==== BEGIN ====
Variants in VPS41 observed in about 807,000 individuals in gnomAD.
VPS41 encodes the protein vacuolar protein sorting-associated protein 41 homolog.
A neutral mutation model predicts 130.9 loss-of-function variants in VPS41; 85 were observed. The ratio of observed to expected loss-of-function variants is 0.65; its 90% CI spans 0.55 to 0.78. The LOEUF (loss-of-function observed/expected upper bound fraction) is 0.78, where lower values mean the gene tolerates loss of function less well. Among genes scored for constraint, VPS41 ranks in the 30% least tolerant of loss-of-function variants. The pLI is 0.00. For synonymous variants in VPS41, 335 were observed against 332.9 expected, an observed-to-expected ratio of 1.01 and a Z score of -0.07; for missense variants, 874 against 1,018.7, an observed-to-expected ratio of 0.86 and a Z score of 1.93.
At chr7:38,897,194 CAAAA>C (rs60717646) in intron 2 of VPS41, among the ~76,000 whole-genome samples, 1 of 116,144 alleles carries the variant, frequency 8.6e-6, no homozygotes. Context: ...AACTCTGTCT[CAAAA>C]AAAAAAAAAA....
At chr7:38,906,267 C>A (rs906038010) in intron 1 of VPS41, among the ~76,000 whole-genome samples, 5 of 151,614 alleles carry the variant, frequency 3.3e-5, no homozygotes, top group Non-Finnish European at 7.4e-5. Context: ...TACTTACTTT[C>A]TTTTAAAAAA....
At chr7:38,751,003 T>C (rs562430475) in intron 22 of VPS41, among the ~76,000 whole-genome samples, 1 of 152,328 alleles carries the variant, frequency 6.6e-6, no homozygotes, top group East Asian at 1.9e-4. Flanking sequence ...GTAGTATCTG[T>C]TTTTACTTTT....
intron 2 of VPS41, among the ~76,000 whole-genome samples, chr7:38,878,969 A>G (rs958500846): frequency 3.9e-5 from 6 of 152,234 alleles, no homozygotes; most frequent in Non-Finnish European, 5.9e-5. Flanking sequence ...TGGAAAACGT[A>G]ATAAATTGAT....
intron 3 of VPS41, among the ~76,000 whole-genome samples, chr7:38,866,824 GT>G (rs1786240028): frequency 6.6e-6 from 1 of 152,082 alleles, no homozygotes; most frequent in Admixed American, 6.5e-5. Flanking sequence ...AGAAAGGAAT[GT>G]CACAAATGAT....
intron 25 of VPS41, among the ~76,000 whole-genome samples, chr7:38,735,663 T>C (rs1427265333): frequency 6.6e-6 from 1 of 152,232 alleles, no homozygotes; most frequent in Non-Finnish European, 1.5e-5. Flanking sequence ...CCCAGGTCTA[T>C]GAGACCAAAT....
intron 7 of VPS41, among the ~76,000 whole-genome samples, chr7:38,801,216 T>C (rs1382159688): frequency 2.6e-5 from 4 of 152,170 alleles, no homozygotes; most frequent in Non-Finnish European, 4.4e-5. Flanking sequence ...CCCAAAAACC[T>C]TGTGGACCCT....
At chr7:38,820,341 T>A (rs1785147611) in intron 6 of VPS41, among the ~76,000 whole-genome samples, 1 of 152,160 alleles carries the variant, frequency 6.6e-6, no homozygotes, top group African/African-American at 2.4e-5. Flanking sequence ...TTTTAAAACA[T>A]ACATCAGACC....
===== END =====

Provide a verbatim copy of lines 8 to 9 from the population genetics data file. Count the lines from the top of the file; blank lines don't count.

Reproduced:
intron 3 of VPS41, among the ~76,000 whole-genome samples, chr7:38,866,824 GT>G (rs1786240028): frequency 6.6e-6 from 1 of 152,082 alleles, no homozygotes; most frequent in Admixed American, 6.5e-5. Flanking sequence ...AGAAAGGAAT[GT>G]CACAAATGAT....
intron 25 of VPS41, among the ~76,000 whole-genome samples, chr7:38,735,663 T>C (rs1427265333): frequency 6.6e-6 from 1 of 152,232 alleles, no homozygotes; most frequent in Non-Finnish European, 1.5e-5. Flanking sequence ...CCCAGGTCTA[T>C]GAGACCAAAT....